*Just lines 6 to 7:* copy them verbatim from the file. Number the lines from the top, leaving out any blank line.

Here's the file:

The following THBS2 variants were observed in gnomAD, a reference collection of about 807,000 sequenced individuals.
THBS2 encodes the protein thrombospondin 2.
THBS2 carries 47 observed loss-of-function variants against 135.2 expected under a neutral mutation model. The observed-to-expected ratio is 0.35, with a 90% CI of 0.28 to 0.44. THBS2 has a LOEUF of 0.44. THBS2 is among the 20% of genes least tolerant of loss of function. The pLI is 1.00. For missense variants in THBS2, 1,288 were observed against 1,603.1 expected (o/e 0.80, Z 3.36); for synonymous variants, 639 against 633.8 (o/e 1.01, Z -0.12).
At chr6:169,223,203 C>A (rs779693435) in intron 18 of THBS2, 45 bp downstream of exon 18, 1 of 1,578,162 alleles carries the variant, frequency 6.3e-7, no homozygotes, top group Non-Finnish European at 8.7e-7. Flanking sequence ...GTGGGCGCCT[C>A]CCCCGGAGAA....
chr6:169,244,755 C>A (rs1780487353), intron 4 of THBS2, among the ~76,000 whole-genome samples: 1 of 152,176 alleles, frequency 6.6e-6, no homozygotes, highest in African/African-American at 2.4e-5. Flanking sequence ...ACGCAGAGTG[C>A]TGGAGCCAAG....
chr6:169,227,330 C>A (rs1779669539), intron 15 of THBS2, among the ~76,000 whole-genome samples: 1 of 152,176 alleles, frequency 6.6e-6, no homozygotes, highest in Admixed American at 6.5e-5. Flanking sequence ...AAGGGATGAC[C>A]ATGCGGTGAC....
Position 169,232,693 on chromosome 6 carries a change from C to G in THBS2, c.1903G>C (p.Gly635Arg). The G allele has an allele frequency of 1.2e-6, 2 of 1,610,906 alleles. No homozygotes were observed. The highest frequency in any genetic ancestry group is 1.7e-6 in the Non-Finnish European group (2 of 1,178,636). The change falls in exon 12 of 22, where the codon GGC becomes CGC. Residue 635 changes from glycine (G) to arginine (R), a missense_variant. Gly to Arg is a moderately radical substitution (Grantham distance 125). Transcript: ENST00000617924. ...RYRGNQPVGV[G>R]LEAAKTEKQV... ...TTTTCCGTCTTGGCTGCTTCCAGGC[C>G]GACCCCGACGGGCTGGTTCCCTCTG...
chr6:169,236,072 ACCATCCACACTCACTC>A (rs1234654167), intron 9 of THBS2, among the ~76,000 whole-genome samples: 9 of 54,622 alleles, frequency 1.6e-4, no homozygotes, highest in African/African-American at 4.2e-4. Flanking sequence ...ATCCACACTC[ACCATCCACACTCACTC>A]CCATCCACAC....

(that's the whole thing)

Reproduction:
chr6:169,227,330 C>A (rs1779669539), intron 15 of THBS2, among the ~76,000 whole-genome samples: 1 of 152,176 alleles, frequency 6.6e-6, no homozygotes, highest in Admixed American at 6.5e-5. Flanking sequence ...AAGGGATGAC[C>A]ATGCGGTGAC....
Position 169,232,693 on chromosome 6 carries a change from C to G in THBS2, c.1903G>C (p.Gly635Arg). The G allele has an allele frequency of 1.2e-6, 2 of 1,610,906 alleles. No homozygotes were observed. The highest frequency in any genetic ancestry group is 1.7e-6 in the Non-Finnish European group (2 of 1,178,636). The change falls in exon 12 of 22, where the codon GGC becomes CGC. Residue 635 changes from glycine (G) to arginine (R), a missense_variant. Gly to Arg is a moderately radical substitution (Grantham distance 125). Transcript: ENST00000617924. ...RYRGNQPVGV[G>R]LEAAKTEKQV... ...TTTTCCGTCTTGGCTGCTTCCAGGC[C>G]GACCCCGACGGGCTGGTTCCCTCTG...